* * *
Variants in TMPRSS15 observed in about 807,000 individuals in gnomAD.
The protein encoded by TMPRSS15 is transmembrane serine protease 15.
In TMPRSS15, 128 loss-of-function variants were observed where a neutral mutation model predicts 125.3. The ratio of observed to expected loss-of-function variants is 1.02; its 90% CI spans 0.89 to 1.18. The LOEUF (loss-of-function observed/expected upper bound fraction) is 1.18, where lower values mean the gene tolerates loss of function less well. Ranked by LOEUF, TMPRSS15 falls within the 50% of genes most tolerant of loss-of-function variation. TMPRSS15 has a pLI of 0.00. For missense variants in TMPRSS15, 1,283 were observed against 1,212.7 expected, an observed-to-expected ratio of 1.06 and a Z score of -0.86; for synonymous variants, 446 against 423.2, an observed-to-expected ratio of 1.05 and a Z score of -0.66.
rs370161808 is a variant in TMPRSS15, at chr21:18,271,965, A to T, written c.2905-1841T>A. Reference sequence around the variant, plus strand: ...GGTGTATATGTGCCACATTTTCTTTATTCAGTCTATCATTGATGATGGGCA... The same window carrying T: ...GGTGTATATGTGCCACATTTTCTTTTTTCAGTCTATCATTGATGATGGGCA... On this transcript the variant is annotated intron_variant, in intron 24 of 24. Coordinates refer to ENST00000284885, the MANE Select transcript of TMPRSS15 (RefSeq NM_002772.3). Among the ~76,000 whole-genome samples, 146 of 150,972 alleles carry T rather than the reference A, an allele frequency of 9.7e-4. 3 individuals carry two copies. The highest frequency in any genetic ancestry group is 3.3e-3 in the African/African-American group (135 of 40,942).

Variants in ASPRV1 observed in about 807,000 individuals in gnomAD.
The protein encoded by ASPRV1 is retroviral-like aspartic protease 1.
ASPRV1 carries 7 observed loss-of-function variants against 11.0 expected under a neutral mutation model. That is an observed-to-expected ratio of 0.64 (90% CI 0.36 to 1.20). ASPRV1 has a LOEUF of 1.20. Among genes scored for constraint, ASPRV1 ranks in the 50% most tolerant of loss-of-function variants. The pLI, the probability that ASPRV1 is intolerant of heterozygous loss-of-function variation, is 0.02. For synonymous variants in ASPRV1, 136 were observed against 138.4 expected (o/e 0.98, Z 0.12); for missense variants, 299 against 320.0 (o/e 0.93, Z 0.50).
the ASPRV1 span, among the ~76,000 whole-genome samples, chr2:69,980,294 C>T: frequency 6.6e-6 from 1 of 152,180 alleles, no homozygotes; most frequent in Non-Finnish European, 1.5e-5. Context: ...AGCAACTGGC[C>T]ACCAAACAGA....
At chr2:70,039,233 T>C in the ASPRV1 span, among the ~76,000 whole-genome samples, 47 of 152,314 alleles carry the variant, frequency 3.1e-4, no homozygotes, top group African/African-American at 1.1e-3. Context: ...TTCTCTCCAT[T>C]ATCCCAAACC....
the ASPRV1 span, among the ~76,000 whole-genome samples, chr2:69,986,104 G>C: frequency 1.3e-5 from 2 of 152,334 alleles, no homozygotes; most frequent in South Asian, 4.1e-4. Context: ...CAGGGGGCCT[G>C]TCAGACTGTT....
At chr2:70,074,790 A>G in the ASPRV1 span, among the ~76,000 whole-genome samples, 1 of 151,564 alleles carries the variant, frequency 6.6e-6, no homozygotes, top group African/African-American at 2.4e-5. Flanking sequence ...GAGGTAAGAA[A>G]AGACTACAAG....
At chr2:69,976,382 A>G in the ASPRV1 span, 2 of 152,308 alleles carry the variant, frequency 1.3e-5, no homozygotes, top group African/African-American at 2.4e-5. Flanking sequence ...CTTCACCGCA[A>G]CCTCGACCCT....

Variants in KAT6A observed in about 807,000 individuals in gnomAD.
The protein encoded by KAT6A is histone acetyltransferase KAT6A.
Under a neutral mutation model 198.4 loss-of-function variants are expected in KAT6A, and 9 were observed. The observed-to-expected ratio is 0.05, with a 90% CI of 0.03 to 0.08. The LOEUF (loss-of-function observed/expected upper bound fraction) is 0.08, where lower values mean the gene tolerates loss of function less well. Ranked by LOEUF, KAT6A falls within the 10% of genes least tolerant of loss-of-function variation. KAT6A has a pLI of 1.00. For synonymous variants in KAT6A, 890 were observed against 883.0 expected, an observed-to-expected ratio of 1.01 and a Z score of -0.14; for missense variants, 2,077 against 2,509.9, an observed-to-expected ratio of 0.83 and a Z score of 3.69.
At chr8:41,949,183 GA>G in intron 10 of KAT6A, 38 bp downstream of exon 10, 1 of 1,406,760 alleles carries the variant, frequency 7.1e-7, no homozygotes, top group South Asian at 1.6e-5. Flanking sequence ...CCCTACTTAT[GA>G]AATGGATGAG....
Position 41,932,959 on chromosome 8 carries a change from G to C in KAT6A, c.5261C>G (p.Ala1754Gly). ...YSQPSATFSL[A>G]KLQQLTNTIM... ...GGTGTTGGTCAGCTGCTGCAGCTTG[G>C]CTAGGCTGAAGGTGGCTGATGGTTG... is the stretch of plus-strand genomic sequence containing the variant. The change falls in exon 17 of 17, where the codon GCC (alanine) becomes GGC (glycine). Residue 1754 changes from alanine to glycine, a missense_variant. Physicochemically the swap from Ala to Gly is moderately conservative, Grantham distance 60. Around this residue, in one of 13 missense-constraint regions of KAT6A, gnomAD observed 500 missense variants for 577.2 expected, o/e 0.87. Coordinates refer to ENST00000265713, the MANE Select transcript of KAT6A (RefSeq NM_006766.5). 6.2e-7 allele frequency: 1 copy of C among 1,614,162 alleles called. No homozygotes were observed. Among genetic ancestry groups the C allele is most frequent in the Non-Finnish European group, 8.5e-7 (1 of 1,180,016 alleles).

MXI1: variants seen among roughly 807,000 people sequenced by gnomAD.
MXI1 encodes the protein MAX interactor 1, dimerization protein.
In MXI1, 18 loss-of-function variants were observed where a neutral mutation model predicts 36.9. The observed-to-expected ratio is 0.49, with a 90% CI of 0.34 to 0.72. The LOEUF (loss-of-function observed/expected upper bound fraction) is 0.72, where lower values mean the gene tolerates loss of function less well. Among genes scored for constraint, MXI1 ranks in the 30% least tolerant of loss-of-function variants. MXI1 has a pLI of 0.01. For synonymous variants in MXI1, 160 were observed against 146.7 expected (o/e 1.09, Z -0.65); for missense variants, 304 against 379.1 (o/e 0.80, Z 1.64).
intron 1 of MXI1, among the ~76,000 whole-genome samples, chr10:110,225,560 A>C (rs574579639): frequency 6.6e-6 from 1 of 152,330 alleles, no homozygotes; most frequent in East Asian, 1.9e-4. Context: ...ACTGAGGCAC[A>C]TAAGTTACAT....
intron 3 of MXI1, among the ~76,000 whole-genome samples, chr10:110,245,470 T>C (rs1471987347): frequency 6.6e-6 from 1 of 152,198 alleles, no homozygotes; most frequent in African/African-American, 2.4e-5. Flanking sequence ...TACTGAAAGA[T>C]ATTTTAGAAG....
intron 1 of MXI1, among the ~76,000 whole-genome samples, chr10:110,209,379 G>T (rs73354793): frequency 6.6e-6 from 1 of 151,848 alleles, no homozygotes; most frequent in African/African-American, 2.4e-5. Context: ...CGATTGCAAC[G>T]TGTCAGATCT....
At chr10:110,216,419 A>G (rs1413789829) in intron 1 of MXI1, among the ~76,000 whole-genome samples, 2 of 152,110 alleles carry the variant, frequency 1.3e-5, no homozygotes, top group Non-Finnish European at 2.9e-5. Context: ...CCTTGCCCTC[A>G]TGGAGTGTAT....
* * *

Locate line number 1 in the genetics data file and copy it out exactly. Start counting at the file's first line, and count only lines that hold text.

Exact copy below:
Variants in TMPRSS15 observed in about 807,000 individuals in gnomAD.